Meaningful You

Voices of contemporary psychoanalysis

Giving Back When You Have Little to Give

How to find fortune in the unfortunate and teach kids to give back along the way

This blog curates the voices of the Division of Psychoanalysis (39) of the American Psychological Association. Sarah Stith, mother, blogger and former dresser for the Lion King on Broadway, writes this post:

One of my greatest wishes as a parent is that somehow, mixed in with the fun, carefree stuff, I will also somehow be able to instill in my kids a sense of responsibility to those less fortunate than themselves. That's not to say we're traditionally well off. My husband is in graduate school and I take care of the kids at home, so we have zero income and are living almost completely off loans. We qualify for and take advantage of government assistance in order to ease the grocery bill burden and quell the “no insurance” fear. In our life right now, “disposable income” is almost laughably unattainable.

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For us, it would be easy to feel like victims. However, I’ve never been so blind to reality that I haven’t been able to recognize that we actually do have it pretty good. Most importantly we have each other, but we are also able to buy groceries every week and even give into “impulse buys” occasionally.

Granted, all of these “luxuries” come at a price: our debt steadily climbs along with our stress with each dollar we spend because it’s all borrowed. We are going to have to pay it all back someday, but luckily someday we will have the capability to pay it back. This is a transitional time for us and we are by no means stuck in our situation, unlike so, so many in this country and the world.

I also know there are no guarantees for any of us.

The job market when my husband is finished with school could be so dismal that he won’t find a job for a long time. We could spend the rest of our lives trying to pay off our loans and never be able to build a nest egg for the kids. They will more than likely learn the value of hard work sooner than some of their peers. It’s highly possible that they will inherit some of our debt, and we have a deep fear that owning a home may never be a real possibility for us.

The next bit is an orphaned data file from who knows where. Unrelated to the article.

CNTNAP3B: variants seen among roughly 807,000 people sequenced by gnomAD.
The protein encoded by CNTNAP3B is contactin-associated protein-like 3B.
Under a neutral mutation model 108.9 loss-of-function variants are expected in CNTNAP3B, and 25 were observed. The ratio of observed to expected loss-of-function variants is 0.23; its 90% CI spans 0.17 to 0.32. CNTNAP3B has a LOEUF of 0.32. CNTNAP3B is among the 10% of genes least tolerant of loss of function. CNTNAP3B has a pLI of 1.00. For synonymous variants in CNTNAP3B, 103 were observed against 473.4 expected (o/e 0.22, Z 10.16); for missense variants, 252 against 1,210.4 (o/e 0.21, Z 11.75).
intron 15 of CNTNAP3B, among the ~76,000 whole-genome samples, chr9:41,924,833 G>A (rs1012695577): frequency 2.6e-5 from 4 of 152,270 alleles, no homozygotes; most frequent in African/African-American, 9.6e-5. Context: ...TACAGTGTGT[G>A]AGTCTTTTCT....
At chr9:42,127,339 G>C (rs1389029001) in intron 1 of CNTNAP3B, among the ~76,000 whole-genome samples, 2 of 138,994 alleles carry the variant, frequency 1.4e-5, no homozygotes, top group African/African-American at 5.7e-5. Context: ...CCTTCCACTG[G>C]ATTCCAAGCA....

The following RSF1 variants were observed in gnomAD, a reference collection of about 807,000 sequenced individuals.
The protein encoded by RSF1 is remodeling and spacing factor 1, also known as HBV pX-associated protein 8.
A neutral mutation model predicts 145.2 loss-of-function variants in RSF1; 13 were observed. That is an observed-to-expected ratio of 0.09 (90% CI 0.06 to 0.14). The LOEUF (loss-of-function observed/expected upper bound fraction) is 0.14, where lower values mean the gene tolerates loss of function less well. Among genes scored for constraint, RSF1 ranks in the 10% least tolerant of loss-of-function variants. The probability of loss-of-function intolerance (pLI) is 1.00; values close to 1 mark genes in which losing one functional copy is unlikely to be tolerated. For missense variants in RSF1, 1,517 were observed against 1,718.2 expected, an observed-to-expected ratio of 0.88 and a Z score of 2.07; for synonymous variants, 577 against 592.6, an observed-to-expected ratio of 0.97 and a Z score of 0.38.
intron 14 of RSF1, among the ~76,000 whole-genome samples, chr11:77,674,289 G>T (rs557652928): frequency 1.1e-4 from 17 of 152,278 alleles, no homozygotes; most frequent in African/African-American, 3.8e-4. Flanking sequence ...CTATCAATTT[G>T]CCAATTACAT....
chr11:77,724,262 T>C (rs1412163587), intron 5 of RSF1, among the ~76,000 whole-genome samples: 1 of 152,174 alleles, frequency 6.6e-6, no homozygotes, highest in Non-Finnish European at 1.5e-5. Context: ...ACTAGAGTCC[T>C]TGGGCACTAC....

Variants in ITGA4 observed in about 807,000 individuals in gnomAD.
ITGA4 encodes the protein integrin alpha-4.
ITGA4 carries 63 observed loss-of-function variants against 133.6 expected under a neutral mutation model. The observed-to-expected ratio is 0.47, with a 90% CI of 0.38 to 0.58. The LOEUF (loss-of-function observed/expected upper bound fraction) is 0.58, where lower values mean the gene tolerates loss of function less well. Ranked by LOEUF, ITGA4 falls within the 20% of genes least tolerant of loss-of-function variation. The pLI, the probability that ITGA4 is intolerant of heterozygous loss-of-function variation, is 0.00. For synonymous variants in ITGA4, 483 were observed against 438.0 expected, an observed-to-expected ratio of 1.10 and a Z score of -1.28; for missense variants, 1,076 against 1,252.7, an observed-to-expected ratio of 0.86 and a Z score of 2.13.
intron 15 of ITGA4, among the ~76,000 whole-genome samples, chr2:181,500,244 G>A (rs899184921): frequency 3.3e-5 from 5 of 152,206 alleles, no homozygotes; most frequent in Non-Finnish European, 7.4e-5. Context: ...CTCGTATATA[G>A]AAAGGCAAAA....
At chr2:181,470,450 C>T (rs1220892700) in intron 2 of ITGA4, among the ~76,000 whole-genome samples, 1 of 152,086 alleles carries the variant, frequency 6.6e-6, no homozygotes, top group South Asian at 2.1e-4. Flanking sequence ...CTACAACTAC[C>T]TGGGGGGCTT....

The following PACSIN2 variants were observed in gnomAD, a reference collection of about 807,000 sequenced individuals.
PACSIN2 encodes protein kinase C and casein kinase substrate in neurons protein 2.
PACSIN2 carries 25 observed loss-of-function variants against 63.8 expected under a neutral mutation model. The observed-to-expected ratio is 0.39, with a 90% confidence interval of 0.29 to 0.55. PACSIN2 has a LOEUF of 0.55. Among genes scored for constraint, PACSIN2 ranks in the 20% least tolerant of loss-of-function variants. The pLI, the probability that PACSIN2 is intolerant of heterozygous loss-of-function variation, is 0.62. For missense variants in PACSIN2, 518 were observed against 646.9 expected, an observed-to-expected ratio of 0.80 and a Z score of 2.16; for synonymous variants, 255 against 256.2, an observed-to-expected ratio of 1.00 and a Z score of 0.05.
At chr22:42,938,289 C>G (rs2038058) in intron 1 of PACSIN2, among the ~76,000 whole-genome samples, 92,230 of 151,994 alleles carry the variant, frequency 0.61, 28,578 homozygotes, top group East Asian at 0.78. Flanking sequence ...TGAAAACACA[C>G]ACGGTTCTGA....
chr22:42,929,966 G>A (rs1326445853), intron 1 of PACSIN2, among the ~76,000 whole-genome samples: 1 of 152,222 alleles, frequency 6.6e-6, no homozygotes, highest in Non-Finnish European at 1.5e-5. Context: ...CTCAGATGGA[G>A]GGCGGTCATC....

I don’t want to feel paralyzed by all of this though, and I don’t want my kids to feel deprived because they most certainly are not. We parents have to be careful with how we perceive our lives because these amazing kids of ours pick up on everything. Don’t want your child to feel like a victim? Well, you’d better be sure you don’t.

One of the best ways I’ve found so far to combat the tendency to feel helpless is to find ways to give back that involve little to no money. We’ve done it by rallying friends and neighbors and coming up with projects to do together with the kids, like baking goodies for our local firefighters, making blankets for needy children from materials in the remnants bin at the fabric store, volunteering for the local food drive and holding a bake sale to raise money for the Red Cross. We’ve dubbed our group “Little Heroes” and word is quickly spreading around town to other families who have also spent time wondering how to give back when we are all struggling ourselves.

So please, don’t wait. Don’t hold back. Reach out and help a neighbor move his furniture or take out his garbage, bake cookies for the new family on the block, volunteer at a soup kitchen, organize a bake sale, put yourself out there and find out if there are people around you who need a little nudge and become an unstoppable team—and do it all with your kids.

If we show our kids that banding together and helping others is something we can do no matter where we are in life, then maybe they will grow into the kind of adults we all admire now. Let’s instill these altruistic values into our children as they grow so that for them, doing something for someone else doesn’t have to take courage and conviction, it’s just what they do because it’s what it means to be human.

Every little bit counts.

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Sarah Stith is a stay-at-home mother of two children, Zoe (age 4½) and Owen (age 2) living in Boulder, CO. She and her family moved to Boulder a few years ago from New York City, where Sarah worked as a dresser at The Lion King on Broadway. The family moved west so that Sarah’s husband Nathan could pursue his Ph.D. in theatre at CU Boulder. She is originally from Bennington, VT, and hopes to return to the East Coast once Nathan is finished with school. For now, she and her family are making the most of living in beautiful Colorado.

Link to Little Heroes FB page:

http://www.facebook.com/littleheroesco

Link to my blog “A Day in the Life of My Little Brood”

http://mylittlebrood.blogspot.com/

Kristi Pikiewicz is managing editor of the American Psychological Association's Division of Psychotherapy DIVISION/Review.

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